I find it admirable how students at LMU and across the country have taken it upon themselves to make this country a more just, equitable place. This summer, hundreds of members of the LMU community gathered to peacefully support the Black Lives Matter movement. Student run organizations like Agency LMU have taken it upon themselves to elevate the voices of those traditionally underrepresented in the media. Across the country, youth went to the polls like never before, with a voter turnout increase of as much as 10%.
That said, these calls for social justice that are so prevalent among young progressive Americans tend to be rooted in the assumption that the burden of these reforms will fall upon someone else. Eat the rich, right? Down with the corporate shills?
Maybe, though, we should also take a moment to examine the actions we can take ourselves as students. After all, if we want to talk about mutual aid and social justice, there’s a massive source of liquid, disposable cash just at the tip of our fingers as LMU students.
The ASLMU budget in 2019-2020 (a non-pandemic year) was $654,000. Even this year, when most students are off-campus and classes are online, the budget is $500,000. Not only is that a huge amount of money, it is also one hundred percent liquid. That means that every single dollar is spendable; the only question is where it is spent.
Some of the charges seem reasonable. Two thousand for licenses and taxes? Ok. Another two thousand for senior stoles? I guess it wouldn’t be graduation without them.
Then we start getting into the bigger numbers. Sixty thousand on the Christmas Tree Lighting event, almost eighty thousand on After Sunset and a whopping one hundred and fifty thousand on Fallapalooza.
How does our current ASLMU Chief Financial Officer, Isabella Ramin, justify these numbers? She told the Loyolan that she thinks “that Fallapalooza and After Sunset are great events that build a sense of community and enhance the student experience. While the costs may seem so high at first glance, I believe events like these are a great way to boost morale and allow students to have fun.”
Ramin’s not wrong. Fallapalooza was fun. Saying my University brought us a T-Pain concert definitely scores some bragging points, but is it worth the amount of money that goes into it?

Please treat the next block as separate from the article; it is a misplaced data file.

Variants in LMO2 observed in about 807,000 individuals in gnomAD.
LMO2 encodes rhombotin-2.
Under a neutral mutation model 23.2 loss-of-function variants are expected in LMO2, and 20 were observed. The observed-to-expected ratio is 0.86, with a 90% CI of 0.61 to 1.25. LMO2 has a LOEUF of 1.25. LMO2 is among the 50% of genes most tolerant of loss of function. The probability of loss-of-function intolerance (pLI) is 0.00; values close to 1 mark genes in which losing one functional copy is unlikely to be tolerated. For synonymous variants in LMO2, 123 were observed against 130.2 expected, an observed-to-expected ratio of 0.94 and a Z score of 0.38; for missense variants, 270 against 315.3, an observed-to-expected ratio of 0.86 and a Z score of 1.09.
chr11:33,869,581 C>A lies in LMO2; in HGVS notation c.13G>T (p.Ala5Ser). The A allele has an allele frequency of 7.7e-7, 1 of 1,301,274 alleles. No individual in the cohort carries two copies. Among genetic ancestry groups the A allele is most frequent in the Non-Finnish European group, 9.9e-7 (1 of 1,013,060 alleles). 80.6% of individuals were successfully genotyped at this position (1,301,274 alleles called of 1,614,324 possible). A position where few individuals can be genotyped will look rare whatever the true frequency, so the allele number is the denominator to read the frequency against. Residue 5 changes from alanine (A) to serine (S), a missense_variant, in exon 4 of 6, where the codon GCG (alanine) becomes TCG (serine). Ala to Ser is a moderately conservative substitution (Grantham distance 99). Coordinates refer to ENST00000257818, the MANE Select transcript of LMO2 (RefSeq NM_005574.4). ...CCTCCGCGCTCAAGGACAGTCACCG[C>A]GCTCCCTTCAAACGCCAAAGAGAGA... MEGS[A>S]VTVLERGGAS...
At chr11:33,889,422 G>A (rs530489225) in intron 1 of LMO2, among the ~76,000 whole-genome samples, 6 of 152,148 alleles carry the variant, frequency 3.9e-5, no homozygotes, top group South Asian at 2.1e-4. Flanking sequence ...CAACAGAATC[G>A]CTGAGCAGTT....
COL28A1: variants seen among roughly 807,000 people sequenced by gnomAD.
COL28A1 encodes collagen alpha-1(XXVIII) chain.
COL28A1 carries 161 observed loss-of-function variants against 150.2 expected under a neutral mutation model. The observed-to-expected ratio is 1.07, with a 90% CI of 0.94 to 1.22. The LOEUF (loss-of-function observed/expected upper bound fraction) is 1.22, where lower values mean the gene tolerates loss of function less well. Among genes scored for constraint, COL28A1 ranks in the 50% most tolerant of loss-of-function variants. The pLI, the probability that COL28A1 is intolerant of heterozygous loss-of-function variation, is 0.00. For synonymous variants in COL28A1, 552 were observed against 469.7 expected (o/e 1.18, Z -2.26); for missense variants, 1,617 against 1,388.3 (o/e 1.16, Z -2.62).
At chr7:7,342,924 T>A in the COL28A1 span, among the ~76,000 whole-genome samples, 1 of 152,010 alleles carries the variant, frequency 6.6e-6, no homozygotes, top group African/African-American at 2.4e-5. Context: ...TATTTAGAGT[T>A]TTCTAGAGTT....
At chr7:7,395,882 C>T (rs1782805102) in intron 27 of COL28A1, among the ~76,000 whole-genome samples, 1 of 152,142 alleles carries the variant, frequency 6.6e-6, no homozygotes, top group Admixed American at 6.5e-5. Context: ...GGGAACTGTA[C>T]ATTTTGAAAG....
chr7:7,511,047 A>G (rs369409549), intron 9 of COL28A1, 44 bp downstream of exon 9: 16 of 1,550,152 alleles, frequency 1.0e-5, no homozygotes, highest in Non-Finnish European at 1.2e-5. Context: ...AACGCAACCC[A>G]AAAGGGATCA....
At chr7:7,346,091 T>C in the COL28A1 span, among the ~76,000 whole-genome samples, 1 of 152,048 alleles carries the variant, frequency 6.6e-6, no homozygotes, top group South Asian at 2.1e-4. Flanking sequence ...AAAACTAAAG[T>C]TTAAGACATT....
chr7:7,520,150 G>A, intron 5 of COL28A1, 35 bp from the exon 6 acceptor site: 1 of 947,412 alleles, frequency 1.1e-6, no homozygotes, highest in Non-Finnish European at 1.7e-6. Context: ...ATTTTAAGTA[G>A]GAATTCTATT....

At the end of the day, it’s students’ money, so students should be the ones to decide. In fact, ASLMU’s spending could be a far more democratic process if students were actually given a chance to vote where their money goes in a manner not unlike California’s proposition system.
ASLMU should give students the opportunity to decide whether they would rather have an extravagant concert or use that money to support marginalized groups, make the campus more environmentally efficient and provide scholarships to low-income students. Personally, I would far prefer if the school invested that time and energy into supporting a local or rising artist rather than paying tens of thousands of dollars to a singer that already has millions, but that’s just me.
Now if most students vote to keep Fallapalooza and After Sunset, that is their choice, but I would find it incredibly hypocritical if those students went on to complain about the world being an unfair place.
And if we’re still on the topic of cutting the budget, those three events might have the biggest numbers attached to them, but there’s a whole lot of other sections to examine too. For example, $6,700 go into swag and apparel — swag being the most blatant example of throw-away consumerism at our university. In two years, that money could instead be used to cover the cost of installing solar panels on one of our buildings.
Then you start looking at the small parts of the budget that slowly start to add up. Two thousand on catered meals, three thousand on an ASLMU Spring Retreat, another three thousand on inauguration (who knew inaugurating a university president could be that expensive?) and two and a half thousand more on the end of the year banquet… all of a sudden, we have more than $10,000 paid straight out of our pockets into seemingly unnecessary ASLMU expenses.
If students were given a more active role in the decision-making process of how funds are allocated, we might see a more responsible distribution of this overwhelmingly large amount of money.
NOTE: The LA Loyolan benefits from ASLMU funding. Fifteen thousand dollars were allocated this year to First Amendment Week, which is cohosted by the LA Loyolan. Personally, I love First Amendment Week, but as far as I’m concerned, that is still student money, and you as a student should be deciding where it goes.
This is the opinion of Veronica Backer-Peral, a junior film and television production, history and computer science triple major from Pasadena, California. Email comments to firstname.lastname@example.org. Follow and tweet comments to @LALoyolan on Twitter, and like The Loyolan on Facebook.